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A Moving Photo

Friday, 12 April, 2013 - 8:29 am

A few days ago, on Yom ha’Shoa (Day of Rememberance), I got a phone call which caused me great sadness, more than any other Yom Ha’Shoa in the past years.

What happened?

On the phone I was told that Mrs. Eva Weber passed away. Mrs. Weber was a Holocaust survivor, who lived in Luzern, and whom I was privileged to get to know closely. She was about 93 years old when she passed away a few hours before Yom Ha’Shoa.

As I think about her and am saddened, I open the pictures application on my iphone and search for this picture, which I took about two years ago at Eva’s home.

Take a look at this picture. What do you see? A simple tray, an old Siddur (prayer book) and  a set of ancient candle holders. At first glance it doesn’t look special. This image is what I would see almost every Friday, on my visits to Mrs. Eva Weber’s home shortly before Shabbat.

 

She lived in a small two-room apartment in Horw, just outside of Luzern. Each time I came in on Friday I was always greeted by this meaningful sight: In the middle of the small room, stood a low table and on it was the old Siddur, open to the Lecha Dodi prayer (which is said on Friday nights), and near it, two candles ready to be lit before Shabbat. She would always ask me what time Shabbat comes in, each week.

The old Siddur was a gift from her father she told me all excitedly. And since then she prays the Kabbalat Shabbat prayers every week.

For years and years, since her arrival to Switzerland, Eva had no contact to the Jewish Community. About 2 years ago, we got to know Eva through my dear friend, the well known eye doctor in Luzern, Dr. Itzik Schipper, who was treating her. Since the first contact, I would go to her almost every Friday with Challot, Gefilte Fish and Kugel for Shabbat, all home made by Rivky.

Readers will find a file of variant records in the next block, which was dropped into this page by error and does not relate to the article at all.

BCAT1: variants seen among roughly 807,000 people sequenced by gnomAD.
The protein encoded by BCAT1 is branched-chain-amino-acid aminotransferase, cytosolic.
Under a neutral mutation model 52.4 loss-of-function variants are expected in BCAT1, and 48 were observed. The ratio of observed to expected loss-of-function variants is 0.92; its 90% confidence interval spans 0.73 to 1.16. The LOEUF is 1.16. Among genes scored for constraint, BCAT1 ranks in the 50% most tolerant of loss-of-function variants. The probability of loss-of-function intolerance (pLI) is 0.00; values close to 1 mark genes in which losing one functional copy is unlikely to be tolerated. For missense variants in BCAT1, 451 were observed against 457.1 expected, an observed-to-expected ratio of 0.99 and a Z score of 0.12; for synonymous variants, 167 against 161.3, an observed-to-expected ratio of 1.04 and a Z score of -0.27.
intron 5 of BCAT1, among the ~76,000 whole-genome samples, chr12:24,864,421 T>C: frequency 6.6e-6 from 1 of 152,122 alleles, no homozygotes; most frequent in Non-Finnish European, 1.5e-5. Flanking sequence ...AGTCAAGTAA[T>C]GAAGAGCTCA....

When I invited her to come hear the Shofar on Rosh Hashana, she refused politely. She has not done anything Jewish in public, since those terrible war days. After some persuasion she finally decided to come. After the services she came over to me in tears and told me how emotional this all was for her. The last time she had heard the sounds of the shofar, was before the war in Budapest. She was so happy she came. This was just this past Rosh Hashana.

The story of her escape and survival is unique, as she was miraculously saved quite early on. She was in a small camp, where many Jews were taken to, and from there they were sent to the various concentration camps. She always told us how she did not look Jewish with her blond hair and blue eyes, and not only once did she get the question “… but why are YOU here?” from the guards. One of the guards decided to take her under his coverage and made it possible for her to leave the place.

From there she was again miraculously able to get work with the Swedish Embassy and through them was brought into Switzerland.

Eva Weber passed away without leaving any children to mourn her or to say Kaddish.

Eva, we will, please G-d, remember you on Yom Kippur during the Yizkor prayer and you will always be in our hearts.

(If anyone would like to eternize her or to sponsor a Kaddish for her name, please contact me.)

Shabbat Shalom Chaverim,

Rabbi Chaim 

                                             Eva Weber ע"ה
                                         

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